exertional rhabdomyolysis


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ex·er·tion·al rhab·do·my·ol·y·sis

rhabdomyolysis produced in those susceptible by muscular exercise.
Episodic haemoglobinuria due to haemolysis caused by repeated mechanical injury to red cells that travel through small vessels overlying the bones of hands and feet in long-distance marching—soldiers, marathon running, calisthenics, karate
Lab Myoglobinuria, proteinuria, increased BUN, increased enzymes—e.g., creatinine phosphokinase, increased lactic acid
References in periodicals archive ?
As with exertional rhabdomyolysis, hematuria can rise from metabolic and/or environmental factors such as dehydration, strenuous exercise, and acidosis.
Although the overall effects of SCT are benign, many studies and case reports have identified that individuals with SCT are at an increased risk for rare conditions including exertional rhabdomyolysis with prolonged physical activity, compartment syndrome, and sudden cardiac death [6].
Fortin, "Bilateral, exercise-induced thigh compartment syndrome diagnosed as exertional rhabdomyolysis. A case report and review of the literature," American Journal of Sports Medicine, vol.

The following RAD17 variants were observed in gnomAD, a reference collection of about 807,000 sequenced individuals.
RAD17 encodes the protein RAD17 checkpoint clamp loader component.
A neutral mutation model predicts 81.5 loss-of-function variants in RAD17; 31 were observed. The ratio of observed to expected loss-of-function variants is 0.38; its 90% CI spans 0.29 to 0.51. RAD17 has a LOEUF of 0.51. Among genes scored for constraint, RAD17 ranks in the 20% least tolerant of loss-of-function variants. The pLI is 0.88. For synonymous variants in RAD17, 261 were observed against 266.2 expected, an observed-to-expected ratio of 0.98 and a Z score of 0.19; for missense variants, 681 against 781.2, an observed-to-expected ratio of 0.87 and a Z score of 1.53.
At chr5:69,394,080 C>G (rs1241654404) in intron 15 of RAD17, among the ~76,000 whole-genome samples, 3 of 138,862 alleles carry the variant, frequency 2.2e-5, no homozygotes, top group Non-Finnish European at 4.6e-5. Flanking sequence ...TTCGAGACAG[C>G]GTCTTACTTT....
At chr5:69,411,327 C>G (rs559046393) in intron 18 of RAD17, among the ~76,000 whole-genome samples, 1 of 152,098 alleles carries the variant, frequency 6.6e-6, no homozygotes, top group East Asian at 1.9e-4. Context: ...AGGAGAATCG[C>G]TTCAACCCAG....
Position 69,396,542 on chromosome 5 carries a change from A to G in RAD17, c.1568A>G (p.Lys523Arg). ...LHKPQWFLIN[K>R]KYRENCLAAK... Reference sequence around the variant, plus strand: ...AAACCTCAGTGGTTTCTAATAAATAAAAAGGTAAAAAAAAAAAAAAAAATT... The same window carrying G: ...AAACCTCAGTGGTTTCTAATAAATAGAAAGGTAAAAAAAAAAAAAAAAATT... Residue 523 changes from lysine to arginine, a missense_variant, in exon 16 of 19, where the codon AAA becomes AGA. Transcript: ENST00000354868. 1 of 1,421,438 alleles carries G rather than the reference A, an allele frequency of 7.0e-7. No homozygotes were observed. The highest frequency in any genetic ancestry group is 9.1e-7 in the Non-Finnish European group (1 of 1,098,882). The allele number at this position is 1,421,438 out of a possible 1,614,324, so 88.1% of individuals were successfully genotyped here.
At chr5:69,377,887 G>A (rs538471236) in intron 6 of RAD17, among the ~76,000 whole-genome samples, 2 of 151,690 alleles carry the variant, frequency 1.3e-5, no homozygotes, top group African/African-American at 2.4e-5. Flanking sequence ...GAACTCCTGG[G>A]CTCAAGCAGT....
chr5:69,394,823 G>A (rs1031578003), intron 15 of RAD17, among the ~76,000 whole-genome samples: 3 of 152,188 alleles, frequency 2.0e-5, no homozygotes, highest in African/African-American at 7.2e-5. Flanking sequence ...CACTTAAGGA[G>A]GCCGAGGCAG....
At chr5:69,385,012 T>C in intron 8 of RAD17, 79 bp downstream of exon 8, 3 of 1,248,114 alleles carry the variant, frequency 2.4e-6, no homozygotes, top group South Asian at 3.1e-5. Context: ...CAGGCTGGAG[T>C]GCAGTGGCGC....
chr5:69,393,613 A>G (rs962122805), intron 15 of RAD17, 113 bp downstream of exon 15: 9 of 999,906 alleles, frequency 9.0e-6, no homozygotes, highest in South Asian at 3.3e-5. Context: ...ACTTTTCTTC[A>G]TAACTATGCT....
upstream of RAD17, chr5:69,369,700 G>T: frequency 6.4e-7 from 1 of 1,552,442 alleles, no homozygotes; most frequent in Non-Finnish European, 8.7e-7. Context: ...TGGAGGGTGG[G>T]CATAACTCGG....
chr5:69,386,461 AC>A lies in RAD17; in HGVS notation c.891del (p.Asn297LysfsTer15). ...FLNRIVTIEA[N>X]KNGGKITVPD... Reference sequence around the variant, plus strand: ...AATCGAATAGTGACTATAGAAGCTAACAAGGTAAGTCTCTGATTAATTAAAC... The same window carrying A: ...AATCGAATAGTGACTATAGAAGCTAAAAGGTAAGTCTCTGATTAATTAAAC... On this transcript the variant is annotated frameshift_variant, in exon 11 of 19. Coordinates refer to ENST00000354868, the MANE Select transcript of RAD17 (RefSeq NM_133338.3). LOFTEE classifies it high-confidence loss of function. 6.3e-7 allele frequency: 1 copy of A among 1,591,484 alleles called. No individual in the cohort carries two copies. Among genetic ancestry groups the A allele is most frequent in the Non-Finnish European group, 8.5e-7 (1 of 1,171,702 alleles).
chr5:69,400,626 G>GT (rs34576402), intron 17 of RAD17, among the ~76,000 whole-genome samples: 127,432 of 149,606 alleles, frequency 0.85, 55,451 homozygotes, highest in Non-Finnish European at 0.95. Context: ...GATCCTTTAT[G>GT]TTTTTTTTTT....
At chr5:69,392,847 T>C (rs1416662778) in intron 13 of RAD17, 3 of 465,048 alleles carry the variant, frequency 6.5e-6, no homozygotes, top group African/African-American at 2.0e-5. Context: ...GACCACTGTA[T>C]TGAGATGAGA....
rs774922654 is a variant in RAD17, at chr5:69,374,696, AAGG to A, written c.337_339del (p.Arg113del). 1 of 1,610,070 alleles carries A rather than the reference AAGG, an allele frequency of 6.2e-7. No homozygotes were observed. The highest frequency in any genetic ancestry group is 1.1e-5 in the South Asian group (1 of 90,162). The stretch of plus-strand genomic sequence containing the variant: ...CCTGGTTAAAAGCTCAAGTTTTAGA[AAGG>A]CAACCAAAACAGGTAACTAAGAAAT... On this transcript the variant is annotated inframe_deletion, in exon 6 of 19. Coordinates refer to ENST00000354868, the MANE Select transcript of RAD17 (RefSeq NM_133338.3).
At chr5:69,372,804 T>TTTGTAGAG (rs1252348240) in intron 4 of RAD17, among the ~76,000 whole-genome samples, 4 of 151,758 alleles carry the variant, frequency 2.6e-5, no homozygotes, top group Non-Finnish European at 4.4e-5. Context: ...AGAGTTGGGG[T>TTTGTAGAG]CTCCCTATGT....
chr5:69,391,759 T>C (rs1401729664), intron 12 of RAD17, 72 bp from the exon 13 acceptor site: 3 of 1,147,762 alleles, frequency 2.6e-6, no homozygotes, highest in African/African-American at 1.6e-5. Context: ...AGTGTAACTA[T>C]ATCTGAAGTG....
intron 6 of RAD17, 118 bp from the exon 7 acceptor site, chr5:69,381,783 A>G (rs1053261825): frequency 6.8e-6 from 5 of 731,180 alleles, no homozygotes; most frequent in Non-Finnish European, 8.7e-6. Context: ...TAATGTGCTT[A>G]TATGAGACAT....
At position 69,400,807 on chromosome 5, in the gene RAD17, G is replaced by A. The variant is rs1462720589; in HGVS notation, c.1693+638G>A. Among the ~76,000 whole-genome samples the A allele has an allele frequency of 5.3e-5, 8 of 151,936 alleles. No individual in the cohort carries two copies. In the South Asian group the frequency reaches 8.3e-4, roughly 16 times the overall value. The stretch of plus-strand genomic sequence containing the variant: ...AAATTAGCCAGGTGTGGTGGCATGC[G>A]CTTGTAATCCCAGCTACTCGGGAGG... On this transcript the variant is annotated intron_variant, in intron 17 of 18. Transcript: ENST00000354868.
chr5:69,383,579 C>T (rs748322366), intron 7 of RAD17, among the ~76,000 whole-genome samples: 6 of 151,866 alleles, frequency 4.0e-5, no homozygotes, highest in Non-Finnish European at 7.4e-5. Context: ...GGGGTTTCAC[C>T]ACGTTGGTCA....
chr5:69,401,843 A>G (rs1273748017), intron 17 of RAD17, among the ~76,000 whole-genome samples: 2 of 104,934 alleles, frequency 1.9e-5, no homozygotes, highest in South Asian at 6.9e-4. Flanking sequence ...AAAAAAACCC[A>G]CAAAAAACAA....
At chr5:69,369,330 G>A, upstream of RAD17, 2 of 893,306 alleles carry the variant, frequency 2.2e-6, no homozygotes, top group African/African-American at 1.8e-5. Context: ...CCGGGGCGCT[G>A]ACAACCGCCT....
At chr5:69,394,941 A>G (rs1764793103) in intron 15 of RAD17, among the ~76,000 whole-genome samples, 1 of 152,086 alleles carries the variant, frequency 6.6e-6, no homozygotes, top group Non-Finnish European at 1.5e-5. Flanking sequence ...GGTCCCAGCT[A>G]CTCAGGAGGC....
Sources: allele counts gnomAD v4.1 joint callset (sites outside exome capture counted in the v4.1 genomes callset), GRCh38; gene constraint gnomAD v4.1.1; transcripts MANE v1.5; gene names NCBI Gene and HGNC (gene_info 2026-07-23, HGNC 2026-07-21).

Compared to 0.8 percent of the soldiers without sickle cell trait who developed exertional rhabdomyolysis, just over 1 percent of black soldiers with the trait developed the condition, Kurina said.
We report the case of a young, active duty SCT positive African American male presenting with exertional rhabdomyolysis complicated by myoglobinuric renal failure requiring hemodialysis.
Reasonableness and foreseeability are central to a legal analysis of exertional rhabdomyolysis. The concern is whether rhabdomyolysis is a reasonably foreseeable consequence of strenuous or prolonged exertion during exercise and sports events.
Muldoon, "Exertional rhabdomyolysis and malignant hyperthermia in a patient with ryanodine receptor type 1 gene, L-type calcium channel a-1 subunit gene, and calsequestrin-1 gene polymorphisms," Anesthesiology, vol.
The policy resulted from a legal settlement with the family of Dale Lloyd II, a Rice University football player, who collapsed during football practice and later died from acute exertional rhabdomyolysis attributed to SCT (Figure 1).
But as the diagnosis emerged - exertional rhabdomyolysis - the questions lingered: How did it happen?
Leading causes of non-traumatic, non-cardiac sports death are exertional hyperthermia, followed by exertional rhabdomyolysis and status asthmaticus.
Eichner opened the meeting with the keynote address on exertional rhabdomyolysis. In additional presentations, he discussed sickle cell trait and sudden death and strategies for the exertional cramper.